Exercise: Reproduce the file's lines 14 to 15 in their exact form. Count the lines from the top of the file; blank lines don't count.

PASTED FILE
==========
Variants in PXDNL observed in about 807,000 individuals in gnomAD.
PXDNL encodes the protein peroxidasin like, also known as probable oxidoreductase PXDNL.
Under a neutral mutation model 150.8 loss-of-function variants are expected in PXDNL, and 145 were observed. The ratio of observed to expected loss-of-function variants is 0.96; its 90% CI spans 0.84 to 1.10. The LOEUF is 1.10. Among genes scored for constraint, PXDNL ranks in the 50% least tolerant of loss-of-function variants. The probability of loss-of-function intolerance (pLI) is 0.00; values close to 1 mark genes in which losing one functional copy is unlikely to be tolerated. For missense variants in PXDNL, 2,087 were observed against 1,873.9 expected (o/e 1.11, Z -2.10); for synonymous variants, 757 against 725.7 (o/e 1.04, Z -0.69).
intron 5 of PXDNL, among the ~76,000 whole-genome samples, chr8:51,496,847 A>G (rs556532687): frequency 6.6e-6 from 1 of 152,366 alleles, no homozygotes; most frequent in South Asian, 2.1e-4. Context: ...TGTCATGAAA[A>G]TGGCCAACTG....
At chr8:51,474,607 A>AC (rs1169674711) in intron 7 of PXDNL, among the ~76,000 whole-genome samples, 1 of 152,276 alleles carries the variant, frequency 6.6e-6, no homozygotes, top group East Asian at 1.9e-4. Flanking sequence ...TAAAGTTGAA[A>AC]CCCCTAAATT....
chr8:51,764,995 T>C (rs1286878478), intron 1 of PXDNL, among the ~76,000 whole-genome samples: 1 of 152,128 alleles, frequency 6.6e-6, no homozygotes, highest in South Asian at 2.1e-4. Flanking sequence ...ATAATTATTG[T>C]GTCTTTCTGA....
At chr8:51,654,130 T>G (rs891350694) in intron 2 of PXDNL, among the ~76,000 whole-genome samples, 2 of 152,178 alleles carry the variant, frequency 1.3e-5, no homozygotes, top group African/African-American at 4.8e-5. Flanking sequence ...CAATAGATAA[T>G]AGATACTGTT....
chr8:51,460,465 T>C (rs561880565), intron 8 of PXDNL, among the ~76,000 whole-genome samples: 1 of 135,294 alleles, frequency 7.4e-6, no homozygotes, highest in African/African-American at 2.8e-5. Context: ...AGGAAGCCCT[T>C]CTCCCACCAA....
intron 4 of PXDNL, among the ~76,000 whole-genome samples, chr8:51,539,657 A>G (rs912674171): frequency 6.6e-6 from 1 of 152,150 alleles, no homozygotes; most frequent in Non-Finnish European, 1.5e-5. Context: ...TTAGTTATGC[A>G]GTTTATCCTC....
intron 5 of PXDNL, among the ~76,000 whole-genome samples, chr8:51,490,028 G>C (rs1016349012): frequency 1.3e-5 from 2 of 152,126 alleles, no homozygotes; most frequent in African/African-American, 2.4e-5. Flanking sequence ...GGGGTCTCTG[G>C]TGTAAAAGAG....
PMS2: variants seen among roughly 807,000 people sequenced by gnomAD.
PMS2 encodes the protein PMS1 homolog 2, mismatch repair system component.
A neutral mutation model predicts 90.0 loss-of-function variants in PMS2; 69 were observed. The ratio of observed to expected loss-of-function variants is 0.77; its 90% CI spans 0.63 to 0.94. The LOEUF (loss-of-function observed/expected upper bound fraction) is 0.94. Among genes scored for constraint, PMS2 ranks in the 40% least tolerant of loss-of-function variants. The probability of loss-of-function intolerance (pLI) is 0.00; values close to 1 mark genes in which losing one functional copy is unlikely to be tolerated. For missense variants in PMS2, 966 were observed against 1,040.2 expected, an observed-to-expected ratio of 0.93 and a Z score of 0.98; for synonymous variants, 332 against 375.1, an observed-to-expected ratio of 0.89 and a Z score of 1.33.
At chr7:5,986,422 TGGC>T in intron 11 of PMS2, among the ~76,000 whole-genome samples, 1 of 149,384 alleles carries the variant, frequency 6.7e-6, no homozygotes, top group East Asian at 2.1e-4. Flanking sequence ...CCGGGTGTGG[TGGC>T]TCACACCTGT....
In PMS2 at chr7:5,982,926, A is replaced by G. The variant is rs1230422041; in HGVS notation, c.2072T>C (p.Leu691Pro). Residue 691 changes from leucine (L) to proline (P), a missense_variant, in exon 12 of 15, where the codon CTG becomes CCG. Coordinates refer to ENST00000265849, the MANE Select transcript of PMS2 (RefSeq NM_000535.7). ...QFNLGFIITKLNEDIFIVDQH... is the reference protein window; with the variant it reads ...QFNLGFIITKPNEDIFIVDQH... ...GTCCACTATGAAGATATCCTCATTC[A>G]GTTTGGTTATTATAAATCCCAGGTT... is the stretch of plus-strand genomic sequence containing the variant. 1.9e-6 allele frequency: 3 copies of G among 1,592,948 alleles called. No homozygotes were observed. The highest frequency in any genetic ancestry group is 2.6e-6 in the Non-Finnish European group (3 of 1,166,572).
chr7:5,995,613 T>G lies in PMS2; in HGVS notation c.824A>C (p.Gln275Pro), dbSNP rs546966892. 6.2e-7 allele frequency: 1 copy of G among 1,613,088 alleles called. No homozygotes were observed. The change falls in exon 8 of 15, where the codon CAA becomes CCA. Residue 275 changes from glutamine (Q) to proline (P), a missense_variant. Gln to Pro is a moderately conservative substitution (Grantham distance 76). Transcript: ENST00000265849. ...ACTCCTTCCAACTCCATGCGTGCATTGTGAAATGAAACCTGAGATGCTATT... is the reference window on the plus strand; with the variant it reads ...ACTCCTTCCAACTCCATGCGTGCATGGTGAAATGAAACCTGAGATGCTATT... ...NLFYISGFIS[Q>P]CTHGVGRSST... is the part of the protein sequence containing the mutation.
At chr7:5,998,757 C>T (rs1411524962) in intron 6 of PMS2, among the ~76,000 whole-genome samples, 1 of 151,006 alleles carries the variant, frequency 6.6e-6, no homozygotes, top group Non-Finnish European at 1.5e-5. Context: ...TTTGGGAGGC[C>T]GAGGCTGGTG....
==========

At chr7:5,986,422 TGGC>T in intron 11 of PMS2, among the ~76,000 whole-genome samples, 1 of 149,384 alleles carries the variant, frequency 6.7e-6, no homozygotes, top group East Asian at 2.1e-4. Flanking sequence ...CCGGGTGTGG[TGGC>T]TCACACCTGT....
In PMS2 at chr7:5,982,926, A is replaced by G. The variant is rs1230422041; in HGVS notation, c.2072T>C (p.Leu691Pro). Residue 691 changes from leucine (L) to proline (P), a missense_variant, in exon 12 of 15, where the codon CTG becomes CCG. Coordinates refer to ENST00000265849, the MANE Select transcript of PMS2 (RefSeq NM_000535.7). ...QFNLGFIITKLNEDIFIVDQH... is the reference protein window; with the variant it reads ...QFNLGFIITKPNEDIFIVDQH... ...GTCCACTATGAAGATATCCTCATTC[A>G]GTTTGGTTATTATAAATCCCAGGTT... is the stretch of plus-strand genomic sequence containing the variant. 1.9e-6 allele frequency: 3 copies of G among 1,592,948 alleles called. No homozygotes were observed. The highest frequency in any genetic ancestry group is 2.6e-6 in the Non-Finnish European group (3 of 1,166,572).